BALTIMORE, Jan. 29 Speaking to 3,000 lesbian, gay, bisexual and transgender (LGBT) rights advocates at the National Gay and Lesbian Task Force's National Conference on LGBT Equality: Creating Change today, Maryland Gov. Martin O'Malley expressed his hopes that Maryland will soon become the seventh state with marriage equality. The governor also talked about his support for efforts to secure gender identity nondiscrimination protections in the state.
O'Malley spoke to this largest annual gathering of LGBT rights activists just days after introducing the Civil Marriage Protection Act of 2012. He received numerous rounds of applause during his remarks to activists from around the nation who have been meeting this week in Baltimore to strategize and mobilize in this critical election year. The conference ended today.
"We have just begun our 2012 legislative session, and if there is a common thread running through the issues that we are addressing, it is the thread of human dignity the dignity of every individual and every family in our state," said O'Malley, adding, "The dignity which says that discrimination based on gender identity is wrong and that passing a law to protect transgender Marylanders from employment, credit and housing discrimination is the right thing to do. The dignity of a free and diverse people who at the end of the day, all want the same thing for their children: to live in a loving and caring and stable home that is protected equally under the law."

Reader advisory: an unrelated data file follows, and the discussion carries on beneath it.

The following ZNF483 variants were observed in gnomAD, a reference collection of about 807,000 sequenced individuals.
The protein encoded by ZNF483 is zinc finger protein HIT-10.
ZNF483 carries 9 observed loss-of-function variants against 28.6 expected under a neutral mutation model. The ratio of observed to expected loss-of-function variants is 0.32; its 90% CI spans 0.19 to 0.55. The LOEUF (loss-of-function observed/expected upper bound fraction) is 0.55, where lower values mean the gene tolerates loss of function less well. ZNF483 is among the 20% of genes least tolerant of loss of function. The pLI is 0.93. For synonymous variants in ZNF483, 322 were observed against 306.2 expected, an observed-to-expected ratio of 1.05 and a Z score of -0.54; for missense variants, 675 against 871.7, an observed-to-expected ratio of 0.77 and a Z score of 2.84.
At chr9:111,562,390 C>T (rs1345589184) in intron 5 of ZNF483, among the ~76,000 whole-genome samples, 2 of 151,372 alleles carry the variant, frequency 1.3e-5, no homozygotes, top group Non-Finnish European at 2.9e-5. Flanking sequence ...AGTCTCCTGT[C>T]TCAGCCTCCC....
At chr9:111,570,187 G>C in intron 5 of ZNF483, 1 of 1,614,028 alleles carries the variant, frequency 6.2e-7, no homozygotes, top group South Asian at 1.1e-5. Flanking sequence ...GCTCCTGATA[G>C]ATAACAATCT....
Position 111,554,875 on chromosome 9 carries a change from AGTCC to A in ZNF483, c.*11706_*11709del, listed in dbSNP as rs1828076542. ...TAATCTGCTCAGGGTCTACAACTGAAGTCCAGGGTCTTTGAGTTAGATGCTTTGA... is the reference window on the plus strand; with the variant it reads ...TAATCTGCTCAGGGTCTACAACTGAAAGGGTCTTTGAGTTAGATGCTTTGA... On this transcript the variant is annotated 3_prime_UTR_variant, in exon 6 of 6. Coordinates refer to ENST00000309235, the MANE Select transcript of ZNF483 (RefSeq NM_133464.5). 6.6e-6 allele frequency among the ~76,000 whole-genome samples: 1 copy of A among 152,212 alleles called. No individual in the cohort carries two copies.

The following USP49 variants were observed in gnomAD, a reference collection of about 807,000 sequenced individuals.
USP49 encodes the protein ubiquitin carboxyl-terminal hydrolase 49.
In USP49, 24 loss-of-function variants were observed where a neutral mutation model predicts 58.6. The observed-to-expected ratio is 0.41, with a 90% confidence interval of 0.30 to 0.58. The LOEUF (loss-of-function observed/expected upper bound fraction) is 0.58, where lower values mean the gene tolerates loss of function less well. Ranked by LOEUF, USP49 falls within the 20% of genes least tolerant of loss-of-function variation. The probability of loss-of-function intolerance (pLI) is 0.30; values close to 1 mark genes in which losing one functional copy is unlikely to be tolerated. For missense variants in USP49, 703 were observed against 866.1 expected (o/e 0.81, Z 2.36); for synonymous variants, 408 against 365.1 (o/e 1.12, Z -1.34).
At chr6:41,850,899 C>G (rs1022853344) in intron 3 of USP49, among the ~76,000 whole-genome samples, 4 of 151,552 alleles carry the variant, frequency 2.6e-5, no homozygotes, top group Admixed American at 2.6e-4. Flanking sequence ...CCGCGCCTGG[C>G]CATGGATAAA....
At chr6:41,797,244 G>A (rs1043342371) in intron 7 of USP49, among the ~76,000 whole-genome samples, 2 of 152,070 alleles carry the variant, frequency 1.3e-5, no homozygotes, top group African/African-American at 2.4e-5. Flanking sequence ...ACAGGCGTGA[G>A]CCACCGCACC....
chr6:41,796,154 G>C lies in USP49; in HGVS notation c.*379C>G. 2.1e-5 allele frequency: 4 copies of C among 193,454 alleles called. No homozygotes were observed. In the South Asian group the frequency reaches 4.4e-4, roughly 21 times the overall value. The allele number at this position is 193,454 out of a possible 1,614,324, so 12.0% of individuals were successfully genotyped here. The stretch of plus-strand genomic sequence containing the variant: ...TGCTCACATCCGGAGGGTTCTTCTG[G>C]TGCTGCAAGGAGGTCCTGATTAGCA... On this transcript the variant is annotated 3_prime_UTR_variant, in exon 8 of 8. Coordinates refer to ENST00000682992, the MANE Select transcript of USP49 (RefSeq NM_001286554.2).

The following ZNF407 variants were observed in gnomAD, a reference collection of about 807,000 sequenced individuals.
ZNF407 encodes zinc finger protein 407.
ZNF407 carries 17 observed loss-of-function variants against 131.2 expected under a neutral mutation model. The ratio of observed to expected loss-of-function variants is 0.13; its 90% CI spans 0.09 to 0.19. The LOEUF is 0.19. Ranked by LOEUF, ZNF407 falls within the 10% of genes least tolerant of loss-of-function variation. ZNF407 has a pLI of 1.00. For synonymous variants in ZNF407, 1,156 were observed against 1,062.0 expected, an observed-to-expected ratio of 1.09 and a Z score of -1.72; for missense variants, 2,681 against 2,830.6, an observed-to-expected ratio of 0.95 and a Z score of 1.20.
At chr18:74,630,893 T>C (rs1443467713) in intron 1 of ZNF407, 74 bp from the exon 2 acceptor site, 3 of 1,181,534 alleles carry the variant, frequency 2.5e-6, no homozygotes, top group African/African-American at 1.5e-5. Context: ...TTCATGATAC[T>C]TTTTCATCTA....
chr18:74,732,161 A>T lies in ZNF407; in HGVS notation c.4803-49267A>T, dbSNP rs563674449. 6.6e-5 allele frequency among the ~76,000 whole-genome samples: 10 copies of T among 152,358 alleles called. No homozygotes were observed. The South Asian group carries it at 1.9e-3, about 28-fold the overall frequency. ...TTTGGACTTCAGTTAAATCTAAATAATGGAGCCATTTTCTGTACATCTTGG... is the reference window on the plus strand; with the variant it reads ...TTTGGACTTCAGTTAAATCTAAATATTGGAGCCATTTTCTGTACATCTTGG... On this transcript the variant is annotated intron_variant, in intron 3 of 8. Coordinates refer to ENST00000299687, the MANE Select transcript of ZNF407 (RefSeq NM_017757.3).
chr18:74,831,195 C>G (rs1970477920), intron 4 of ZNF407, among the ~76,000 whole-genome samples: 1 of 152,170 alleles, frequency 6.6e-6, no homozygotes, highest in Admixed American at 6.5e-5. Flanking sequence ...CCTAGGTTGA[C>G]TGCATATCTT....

O'Malley then talked about the effort to secure marriage equality in Maryland. He mentioned the broad coalition working on the issue, including faith, labor, family and civil rights groups.
"Other states have found a way to protect religious liberty, religious freedom and to protect rights equally, and it is time for Maryland to do the same and that's why this week we proposed a civil marriage law in the General Assembly of Maryland and we seek to get it done this year," he said. "Our bill balances equal protection of individual rights with the important protection of religious liberty and religious freedom. Maryland was the seventh state admitted to the union. We believe with your help and a lot of hard work, we will be the seventh state to pass a civil marriage equality law."
Rea Carey, executive director of the National Gay and Lesbian Task Force, said, "We are honored to have Governor O'Malley with us today at the conference, and with us in the struggle for equality and dignity of all people. Maryland is on the brink of making history, and the governor is showing true leadership in helping to lead the way."
To learn more about the National Gay and Lesbian Task Force, visit www.theTaskForce.org, Twitter: @TheTaskForce.